In recent years, Asheville, North Carolina, has experienced substantial job growth and become a popular tourist destination. However, the recession stalled the development the city needed to support its rising profile. Housing supply is not keeping up with job growth—a 2014 report found that the region’s vacancy rate was less than 1 percent for apartments—and wages are not keeping pace with housing prices. Members of Asheville’s Chamber of Commerce and Tourism Board, local developers, and the county’s Economic Development Coalition came together on August 27 to discuss how the private sector could address the region’s affordable housing challenges in its work. Potential strategies include encouraging large employers to provide grants to homebuyers and help their employees with other housing costs.

Read more in the Citizen-Times (9/6)

Editorial: underpinnings of Segregation need to be dismantled

The New York Times editorial board believes that the growth of concentrated poverty is a sign that the mission of the Fair Housing Act has not been fulfilled. Recent research from Rutgers’s Paul Jargowsky demonstrates that neighborhoods have been growing more impoverished and economically segregated. The board argues that all levels of government are creating racial and economic segregation through their policies. In particular, the board cites the following as causes: locating federally subsidized public housing in places with paltry education or employment opportunities, discriminatory practices in wealthy neighborhoods, and zoning laws. The board believes HUD’s new rule that more explicitly addresses fair housing issues, coupled with the Supreme Court's ruling on disparate impact, have the potential to address these issues. But how successful they will be in dismantling the “architecture of segregation” remains to be seen.

Read more in the New York Times (9/5)
>>> View All News Roundups


COMMON sense reforms On Reverse mortgages CAN reduce defaults

The reverse mortgage industry has been dogged by high default rates, but a new study shows that simple reforms to the system can substantially reduce risks to consumers while preserving access to this financial tool. An analysis of the financial characteristics of consumers seeking counseling on reverse mortgages shows that low credit scores, late payments on other mortgages, tax liens, and a large property tax burden all increase the likelihood that a person will default. The researchers simulated how different regulations would affect the market for reverse mortgages and offered modifications to the program that would lower the risk of default without significantly limiting the reverse mortgage market.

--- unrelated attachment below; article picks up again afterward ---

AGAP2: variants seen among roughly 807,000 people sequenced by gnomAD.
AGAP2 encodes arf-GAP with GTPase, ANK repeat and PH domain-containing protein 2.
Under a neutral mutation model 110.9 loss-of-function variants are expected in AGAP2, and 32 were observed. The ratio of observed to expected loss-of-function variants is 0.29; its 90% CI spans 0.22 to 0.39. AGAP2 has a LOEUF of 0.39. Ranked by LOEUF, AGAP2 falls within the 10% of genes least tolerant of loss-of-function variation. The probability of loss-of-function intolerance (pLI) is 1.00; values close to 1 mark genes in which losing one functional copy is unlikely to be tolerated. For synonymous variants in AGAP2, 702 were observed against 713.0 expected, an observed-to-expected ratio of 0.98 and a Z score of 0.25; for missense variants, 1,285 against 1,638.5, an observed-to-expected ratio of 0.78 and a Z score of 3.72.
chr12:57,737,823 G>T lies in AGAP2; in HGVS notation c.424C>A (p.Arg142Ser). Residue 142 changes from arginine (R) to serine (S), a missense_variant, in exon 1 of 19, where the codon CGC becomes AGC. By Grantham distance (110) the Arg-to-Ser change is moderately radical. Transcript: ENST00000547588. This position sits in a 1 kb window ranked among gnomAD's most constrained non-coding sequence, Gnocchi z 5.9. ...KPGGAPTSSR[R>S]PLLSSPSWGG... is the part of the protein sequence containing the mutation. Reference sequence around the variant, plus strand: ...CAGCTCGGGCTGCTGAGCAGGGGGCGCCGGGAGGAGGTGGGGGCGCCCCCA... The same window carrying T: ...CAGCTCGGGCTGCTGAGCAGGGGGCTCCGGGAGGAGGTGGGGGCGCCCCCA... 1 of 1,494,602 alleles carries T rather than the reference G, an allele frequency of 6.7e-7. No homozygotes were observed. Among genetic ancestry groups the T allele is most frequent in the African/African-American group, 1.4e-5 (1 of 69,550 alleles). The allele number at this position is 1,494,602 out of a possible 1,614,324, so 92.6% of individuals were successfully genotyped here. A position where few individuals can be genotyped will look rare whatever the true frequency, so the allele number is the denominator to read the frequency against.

Read more on How Housing Matters

New research puts FOCUS ON Concentrated Poverty, not Gentrification

Research from City Observatory argues that fears about gentrification should be replaced by concern about poverty concentration. By examining census data, Joseph Cortright and Dillon Mahmoudi show that poverty has become increasingly concentrated since 1970: the number of people living in high-poverty neighborhoods has doubled, and the number of such neighborhoods has nearly tripled. These trends are alarming because when poverty is concentrated, its negative impacts are amplified. Concentrated poverty is also more intractable and tends to persist over time. The authors also analyzed gentrification—defined as a neighborhood changing from high poverty to below-average poverty—and found it is a rare occurrence. The authors therefore believe policymakers should focus their energy on alleviating poverty rather than safeguarding neighborhoods against gentrification.

Read more on How Housing Matters
>>> Browse All Articles


HUD at 50: History in the making

Sept. 17, 2015 | Washington, DC | U.S. Department of Housing and Urban Development

is housing stability essential for family wellbeing?

Sept. 21, 2015 | Washington, DC | Abt Associates

EXPANDING Housing and Services for lgbt older people

Sept. 24, 2015 | Webinar | Enterprise Community Partners

21st-Century School Integration

Sept. 24-25, 2015 | Washington, DC | The National Coalition on School Diversity
>>> View All Events

Received this email from a friend?

>>> Subscribe to the How Housing Matters newsletter


About How Housing Matters

The How Housing Matters online portal and e-mail newsletter is an effort of the ULI Terwilliger Center for Housing with support from The John D. and Catherine T. MacArthur Foundation through its How Housing Matters to Families and Communities Initiative. How Housing Matters provides news, research, and practical information on how a high-quality, stable, affordable home in a vibrant community contributes to individual and community success.


Executive Editor: Stockton Williams 
Managing Editor: Maya Brennan
© 2015 - Urban Land Institute, All rights reserved.
Terms of Use  |  Privacy Policy

unsubscribe from this list    update subscription preferences